NATO's new chief Mark Rutte to aggravate Ukraine conflict even further

NATO's new Secretary General Mark Rutte becomes new anti-Russia face

Ambassadors of NATO member countries approved the current Prime Minister of the Netherlands, Mark Rutte, as the new Secretary General of the North Atlantic Alliance. Rutte will officially take office as NATO Secretary General on October 1 this year.

According to Reuters, NATO allies chose Rutte for his "strong Atlanticist positions” and "a desire for full consensus on decisions” that affect all members of the alliance.

Before taking up the post of NATO Secretary General, Rutte will step down as the Prime Minister of the Netherlands in July and go on vacation for three months.

Who is Mark Rutte?

Mark Rutte has been serving as the Prime Minister of the Netherlands since October 14, 2010. This term in the office makes him one of the longest-serving European politicians. Until 2023, he was also the leader of the European right-wing liberal People's Party for Freedom and Democracy.

Rutte avoids publicity. He is single, has no children; likes to play the piano and go to the opera. He carries a Nokia phone because "it's more convenient to send messages.” He also likes to ride a bicycle to go to work.

Mark Rutte was one of the few politicians who openly opposed former US President Donald Trump's measures to limit trade with the EU, while supporting the American leader's stance on increasing defense spending among European NATO members.

Under Rutte, the Netherlands exceeded NATO's required military spending threshold of two percent of the country's GDP. He also initiated the creation of an international coalition to transfer F-16 combat aircraft to Kyiv and train Ukrainian pilots. During his premiership, the Netherlands supplied Ukraine with artillery weapons, drones and ammunition.

Rutte is a supporter of NATO's policy to contain Russia. He is confident that NATO should strengthen the borders of the alliance "in the face of the Russian threat." He also believes that the alliance should continue providing military assistance to Ukraine.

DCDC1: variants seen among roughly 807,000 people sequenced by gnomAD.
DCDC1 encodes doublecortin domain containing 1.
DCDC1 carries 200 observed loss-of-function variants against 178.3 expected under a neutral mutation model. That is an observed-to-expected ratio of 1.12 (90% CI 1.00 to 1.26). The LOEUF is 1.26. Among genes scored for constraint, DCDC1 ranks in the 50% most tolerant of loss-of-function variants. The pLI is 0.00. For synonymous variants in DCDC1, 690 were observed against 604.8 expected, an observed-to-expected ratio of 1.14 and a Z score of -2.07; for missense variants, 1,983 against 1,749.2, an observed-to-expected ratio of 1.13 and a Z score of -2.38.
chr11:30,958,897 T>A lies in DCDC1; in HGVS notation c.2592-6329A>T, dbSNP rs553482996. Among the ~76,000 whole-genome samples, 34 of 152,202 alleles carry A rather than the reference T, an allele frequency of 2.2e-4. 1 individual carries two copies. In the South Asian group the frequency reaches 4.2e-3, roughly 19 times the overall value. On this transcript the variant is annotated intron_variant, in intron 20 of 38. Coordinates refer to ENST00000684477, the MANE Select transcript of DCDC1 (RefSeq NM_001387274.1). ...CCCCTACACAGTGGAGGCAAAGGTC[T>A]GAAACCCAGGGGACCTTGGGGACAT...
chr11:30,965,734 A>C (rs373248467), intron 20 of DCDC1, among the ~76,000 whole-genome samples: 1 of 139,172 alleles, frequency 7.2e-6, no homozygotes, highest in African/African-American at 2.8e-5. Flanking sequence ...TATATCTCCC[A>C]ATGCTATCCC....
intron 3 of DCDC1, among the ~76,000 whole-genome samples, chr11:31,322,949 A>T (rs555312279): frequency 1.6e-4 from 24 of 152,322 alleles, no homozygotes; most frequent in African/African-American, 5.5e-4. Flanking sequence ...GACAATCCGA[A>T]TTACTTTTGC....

"As head of NATO, he will play a key role in mobilizing weary allies to continue supporting war-torn Ukraine, while treading a fine line with Kyiv's aspirations for [NATO] membership,” French newspaper Le Monde wrote.

With Rutte in charge, the alliance will most likely continue the policy of escalation and growing defense spending. As a result, the conflict in Ukraine will aggravate even further, experts believe.

Russian Foreign Ministry official spokeswoman Maria Zakharova said that Rutte "should only voice what they elaborate overseas within the Anglo-Saxon deep state.” According to her, Rutte is not a figure who makes policy and influences decisions.

Jens Stoltenberg, the sitting Secretary General of the alliance, was supposed to leave his post back in 2018, but NATO representatives extended his powers four times being unable to find a good replacement for him.

After stepping down as NATO Secretary General, Stoltenberg planned to return to his homeland in Norway. In February 2022, the government of Norway approved Stoltenberg as head of the Norwegian Central Bank for a period of six years. His powers on the new position will officially begin after his resignation from the post of NATO Secretary General.

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Author`s name Andrey Mihayloff
Editor Dmitry Sudakov